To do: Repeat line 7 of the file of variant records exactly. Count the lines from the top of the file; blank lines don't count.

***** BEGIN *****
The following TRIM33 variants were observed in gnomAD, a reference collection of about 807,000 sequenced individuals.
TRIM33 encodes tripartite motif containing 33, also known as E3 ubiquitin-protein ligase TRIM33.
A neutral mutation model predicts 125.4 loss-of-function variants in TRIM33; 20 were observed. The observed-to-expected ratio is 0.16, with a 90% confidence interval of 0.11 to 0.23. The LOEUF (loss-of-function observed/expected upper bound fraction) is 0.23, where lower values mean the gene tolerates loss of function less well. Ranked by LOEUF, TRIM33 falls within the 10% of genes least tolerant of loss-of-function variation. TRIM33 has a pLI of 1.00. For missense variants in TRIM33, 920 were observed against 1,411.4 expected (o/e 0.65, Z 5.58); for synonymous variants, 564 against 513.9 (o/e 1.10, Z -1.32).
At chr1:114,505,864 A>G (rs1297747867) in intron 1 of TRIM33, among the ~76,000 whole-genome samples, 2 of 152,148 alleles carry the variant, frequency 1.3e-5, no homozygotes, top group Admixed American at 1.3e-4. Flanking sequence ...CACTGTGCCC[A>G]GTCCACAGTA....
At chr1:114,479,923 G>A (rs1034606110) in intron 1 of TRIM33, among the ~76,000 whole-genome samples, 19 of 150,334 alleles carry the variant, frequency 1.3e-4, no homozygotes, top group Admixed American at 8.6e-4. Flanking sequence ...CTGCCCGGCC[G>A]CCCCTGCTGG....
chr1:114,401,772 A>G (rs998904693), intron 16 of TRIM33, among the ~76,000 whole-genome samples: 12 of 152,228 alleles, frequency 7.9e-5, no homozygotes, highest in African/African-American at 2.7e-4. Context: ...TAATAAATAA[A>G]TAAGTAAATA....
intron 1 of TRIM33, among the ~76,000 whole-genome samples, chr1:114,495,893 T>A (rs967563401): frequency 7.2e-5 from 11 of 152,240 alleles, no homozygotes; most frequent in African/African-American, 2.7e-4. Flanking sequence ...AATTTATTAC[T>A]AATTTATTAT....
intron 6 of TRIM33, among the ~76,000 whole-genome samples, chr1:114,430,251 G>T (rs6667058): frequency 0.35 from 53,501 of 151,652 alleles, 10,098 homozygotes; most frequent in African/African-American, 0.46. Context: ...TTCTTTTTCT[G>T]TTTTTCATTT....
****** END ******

intron 1 of TRIM33, among the ~76,000 whole-genome samples, chr1:114,495,893 T>A (rs967563401): frequency 7.2e-5 from 11 of 152,240 alleles, no homozygotes; most frequent in African/African-American, 2.7e-4. Flanking sequence ...AATTTATTAC[T>A]AATTTATTAT....